November 9th, 2021 | Jason D. Janicki4 mins read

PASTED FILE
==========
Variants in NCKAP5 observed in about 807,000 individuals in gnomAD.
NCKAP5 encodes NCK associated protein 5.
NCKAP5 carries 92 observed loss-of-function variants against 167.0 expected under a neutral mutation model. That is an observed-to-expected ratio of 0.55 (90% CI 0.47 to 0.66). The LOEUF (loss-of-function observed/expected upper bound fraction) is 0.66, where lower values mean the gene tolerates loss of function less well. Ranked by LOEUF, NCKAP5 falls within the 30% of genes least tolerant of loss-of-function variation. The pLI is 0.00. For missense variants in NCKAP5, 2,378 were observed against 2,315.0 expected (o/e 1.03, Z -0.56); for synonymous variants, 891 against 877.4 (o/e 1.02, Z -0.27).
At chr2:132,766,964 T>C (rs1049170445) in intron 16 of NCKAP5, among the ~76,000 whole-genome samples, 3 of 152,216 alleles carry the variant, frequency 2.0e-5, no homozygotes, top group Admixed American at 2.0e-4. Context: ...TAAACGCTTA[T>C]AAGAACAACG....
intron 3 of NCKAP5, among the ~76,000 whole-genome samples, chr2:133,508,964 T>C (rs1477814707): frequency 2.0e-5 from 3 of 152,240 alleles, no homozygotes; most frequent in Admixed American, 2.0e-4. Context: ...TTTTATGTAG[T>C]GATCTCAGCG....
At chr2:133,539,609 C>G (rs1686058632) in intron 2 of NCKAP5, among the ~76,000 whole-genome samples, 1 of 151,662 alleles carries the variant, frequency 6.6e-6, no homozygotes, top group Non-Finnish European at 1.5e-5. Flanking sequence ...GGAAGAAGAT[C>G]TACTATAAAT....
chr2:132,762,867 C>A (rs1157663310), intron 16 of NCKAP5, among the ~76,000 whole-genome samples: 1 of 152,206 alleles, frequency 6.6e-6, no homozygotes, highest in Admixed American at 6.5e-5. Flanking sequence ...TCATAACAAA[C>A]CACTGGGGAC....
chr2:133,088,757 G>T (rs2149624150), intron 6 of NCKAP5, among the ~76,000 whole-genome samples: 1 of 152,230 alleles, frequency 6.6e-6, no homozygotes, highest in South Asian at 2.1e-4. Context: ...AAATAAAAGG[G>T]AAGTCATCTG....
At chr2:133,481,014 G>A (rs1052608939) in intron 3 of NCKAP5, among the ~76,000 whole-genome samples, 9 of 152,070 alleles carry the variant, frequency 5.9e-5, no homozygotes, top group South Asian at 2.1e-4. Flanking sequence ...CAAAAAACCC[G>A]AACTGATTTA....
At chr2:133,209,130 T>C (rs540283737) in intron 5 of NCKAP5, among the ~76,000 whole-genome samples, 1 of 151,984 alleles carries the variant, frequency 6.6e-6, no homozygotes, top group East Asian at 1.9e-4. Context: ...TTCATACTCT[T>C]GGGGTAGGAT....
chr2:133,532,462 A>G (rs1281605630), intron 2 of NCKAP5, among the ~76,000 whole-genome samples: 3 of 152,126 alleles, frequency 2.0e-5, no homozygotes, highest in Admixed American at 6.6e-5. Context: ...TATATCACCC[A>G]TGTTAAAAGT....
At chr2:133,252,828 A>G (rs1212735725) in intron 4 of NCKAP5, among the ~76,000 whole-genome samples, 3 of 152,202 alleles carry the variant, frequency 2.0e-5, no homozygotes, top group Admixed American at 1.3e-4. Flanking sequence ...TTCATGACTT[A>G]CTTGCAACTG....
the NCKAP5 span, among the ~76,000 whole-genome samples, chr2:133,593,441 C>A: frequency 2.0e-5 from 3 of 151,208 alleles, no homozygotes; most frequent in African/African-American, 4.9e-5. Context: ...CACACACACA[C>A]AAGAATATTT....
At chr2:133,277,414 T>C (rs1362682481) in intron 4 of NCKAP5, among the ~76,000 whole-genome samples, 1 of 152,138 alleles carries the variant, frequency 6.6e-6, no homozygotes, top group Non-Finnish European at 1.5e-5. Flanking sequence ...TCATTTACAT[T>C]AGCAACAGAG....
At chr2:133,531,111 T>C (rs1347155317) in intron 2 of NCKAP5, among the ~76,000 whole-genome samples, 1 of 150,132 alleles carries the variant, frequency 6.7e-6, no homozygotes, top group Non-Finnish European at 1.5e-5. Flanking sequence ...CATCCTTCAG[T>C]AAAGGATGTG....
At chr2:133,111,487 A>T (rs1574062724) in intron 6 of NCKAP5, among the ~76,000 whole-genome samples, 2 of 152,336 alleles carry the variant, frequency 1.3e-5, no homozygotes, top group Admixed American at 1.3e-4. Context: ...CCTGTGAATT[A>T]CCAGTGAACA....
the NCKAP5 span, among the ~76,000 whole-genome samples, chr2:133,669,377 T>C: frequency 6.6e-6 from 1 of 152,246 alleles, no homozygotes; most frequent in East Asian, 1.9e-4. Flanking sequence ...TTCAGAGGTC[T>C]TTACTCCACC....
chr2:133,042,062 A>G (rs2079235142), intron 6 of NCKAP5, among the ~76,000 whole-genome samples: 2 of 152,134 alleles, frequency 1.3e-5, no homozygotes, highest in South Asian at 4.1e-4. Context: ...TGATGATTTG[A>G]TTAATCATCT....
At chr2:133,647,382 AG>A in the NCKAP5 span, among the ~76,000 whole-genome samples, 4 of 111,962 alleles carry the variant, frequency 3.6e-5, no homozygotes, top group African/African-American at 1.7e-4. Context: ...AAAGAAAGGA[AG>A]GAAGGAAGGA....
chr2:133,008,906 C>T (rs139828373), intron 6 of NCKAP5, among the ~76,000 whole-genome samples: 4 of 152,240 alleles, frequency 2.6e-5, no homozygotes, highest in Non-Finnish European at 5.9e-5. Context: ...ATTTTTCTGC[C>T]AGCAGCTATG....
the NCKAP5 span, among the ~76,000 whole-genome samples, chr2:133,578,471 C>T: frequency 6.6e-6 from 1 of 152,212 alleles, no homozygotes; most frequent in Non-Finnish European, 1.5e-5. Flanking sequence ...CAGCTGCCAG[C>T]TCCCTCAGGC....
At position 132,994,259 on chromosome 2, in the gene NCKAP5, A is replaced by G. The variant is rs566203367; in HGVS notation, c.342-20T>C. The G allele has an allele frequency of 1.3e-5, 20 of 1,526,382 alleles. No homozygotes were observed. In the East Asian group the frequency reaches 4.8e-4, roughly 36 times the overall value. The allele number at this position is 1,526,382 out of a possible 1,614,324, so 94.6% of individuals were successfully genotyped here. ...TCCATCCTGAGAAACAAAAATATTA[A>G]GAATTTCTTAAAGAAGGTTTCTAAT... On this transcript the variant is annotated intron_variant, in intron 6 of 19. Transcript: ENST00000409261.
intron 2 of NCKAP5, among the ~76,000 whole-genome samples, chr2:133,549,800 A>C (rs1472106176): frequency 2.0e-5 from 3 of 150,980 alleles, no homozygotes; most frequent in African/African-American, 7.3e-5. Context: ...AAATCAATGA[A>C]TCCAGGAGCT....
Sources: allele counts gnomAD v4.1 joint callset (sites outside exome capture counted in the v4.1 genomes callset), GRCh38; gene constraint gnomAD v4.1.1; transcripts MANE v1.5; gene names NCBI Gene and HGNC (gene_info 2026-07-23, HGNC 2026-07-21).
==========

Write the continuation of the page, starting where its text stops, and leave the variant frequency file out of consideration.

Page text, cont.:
“Ladies and gentleman,” the loudspeaker blared. “The Salinas Rodeo is proud to announce that the Bull Riding will be starting in just twenty minutes! So, grab your popcorn and hotdogs and settle down for some of the best Bull Riding action in the country!” Earl glanced up at the announcement. “Sounds like they’re startin’ soon.” Bill nodded. “Yep.” They stood together under the Section D bleachers, backs to the partition wall. A hot dog stand, set against the aluminum frame of the bleachers, blocked access to the area beneath the stands, save for a narrow gap at the back. Spectators talked and laughed above them, the aluminum planks bouncing and vibrating with movement. Trash of all kinds, wrappers, cans, bottles, straws, and food, all dropped or fallen from above, littered the hard-packed earth. Bars of sunlight leaked in through the gaps between the benches, leaving gold stripes across the dirt and refuse. Pulling a red rubber ball off, Bill rubbed at the tip of his nose. “Damn thing always gets me itchin’.” “I tried the rubber, couldn’t abide it. So, I just go with the paint,” Earl pointed at the diamond of red paint on his nose. Bill shrugged. “I’m accustomed to it now.” “That does happen.” They stood in silence, Earl with his arms folded as Bill fiddled with his rubber nose. A spray of popcorn fell across Bill, bouncing off his battered cowboy hat. He glanced up, then with a shake of his head, brushed a few stray kernels off his bright yellow shirt. Earl plucked a piece off Bill’s shoulder, popping it into his mouth. Bill frowned at him. “That was likely stepped on.” “I’m feelin’ a might peckish.” “You shoulda partook of some of that cake in the backroom afore we left. It was mighty good.” “I’m partial to pies.” The bleachers above them squeaked and shuddered as more spectators found places to sit, their legs cutting across the thin beams of light beneath. Each time someone sat down, a little more light vanished. Bill tucked his rubber nose into a pocket on his bright red and white checked shirt, while Earl poked at a big rock with the tip of his boot. An empty water bottle spun down, bouncing off an empty beer bottle before coming to rest. “I heard Thunder’s here this year,” Earl said. “The one that nearly killed Hicks?” “The one. He’s put damn near twenty clowns in the hospital.” “Thirty, more like it.” “Just ten more minutes until the start of the Bull Riding competition!” The loudspeaker announced. “We got some of the best, meanest bulls in the country here, so the clowns’ll have their hands full today! But for the folks that don’t know, the clowns distract the bulls if a rider gets bucked off. Many a clown’s caught a horn protectin’ a rider, so give ‘em a big hand when they come out!” Bill shook his head. “I gotta say, I ain’t too keen on catchin’ a horn today.” Reaching over, he adjusted an elbow pad through his shirt. “Me neither.” Earl shifted to the right as a stream of soda splashed next to him. “It is mighty comfortable down here, gettin’ littered on notwithstandin’.” “We are outta the sun,” Earl agreed. “Ain’t nobody gonna miss us.” “Also true.” Somewhere above them, a child wailed, the sound muffled in the general din. Earl pulled off his cowboy hat, his straw wig coming off with it, revealing cropped black hair. “New wig?” Bill said. “Yep.” Earl passed the wig over. “Just got it. Got some new shin guards, too.” He tapped a boot against his shin. “I might pick up a new pair myself. I’ve had these seven, eight seasons now.” Bill held the wig up to a shaft of sunlight. “Nice.” He passed it back. “Thanks.” Earl dropped the wig into his hat, then set both on the bare dirt next to him. Another bar of light broke into pieces, cut by the legs of the spectators shuffling into empty spaces above then. “We’re loosin’ the light.” “Yep.” The smell of hot dogs wafted across them and Earl stirred. “I should not a’ skipped lunch.” “Ain’t good to eat too much ‘fore goin’ out.” “Ayep.” Earl stretched, a heavy-duty chest protector outlining beneath his loose, colorful clown garb. “We are goin’ out, ain’t we?” Earl glanced over at Bill. “What’re you sayin’?” “It’s just…I ain’t much in the mood to get gored. Things are good an’ me an’ Ellie are talkin’ about maybe…y’know…gettin’ hitched.” “I hear ya.” “So…maybe we sit this one out. They got plenty of clowns.” “I will admit, I’ve been havin’ similar thoughts.” “Five minutes to the start of the Bull Riding competition! Staff, riders, an’ clowns, y’all need to get to your posts if you ain’t already!” The movement on the bleachers above them increased, as spectators jostled and shifted, making room and scooting over. Another soda spilled towards the front, the brown liquid cascading down to the dirt, with a muffled ‘crap!’ from above. Legs shuffled, then settled down. A deep gloom settled on the clowns, as only a few stray wisps of sunlight shone through the stands. “Lights about gone.” “Yep.” Earl reached down, pulling his straw wig on as he straightened. “Is it on right?” Bill leaned in, squinting in the darkness. “It is.” Fishing his rubber nose from his pocket, he blew out the hole to get rid of any debris. Earl settled his hat on his head, as Bill affixed his nose. Both men paused as the noise above them subsided, the rattle of a bull banging against a chute ringing clear. “After you,” Earl said, with a small bow. “Why, thank you, sir.” Bill stepped towards the booth. “We ain’t too bright, are we?” he said as rounded the bleacher frame. He flattened himself against the hot dog stand, shuffling out towards the public area. “No,” Earl followed him out. “No, we are not.” The two clowns disappeared into the sunshine.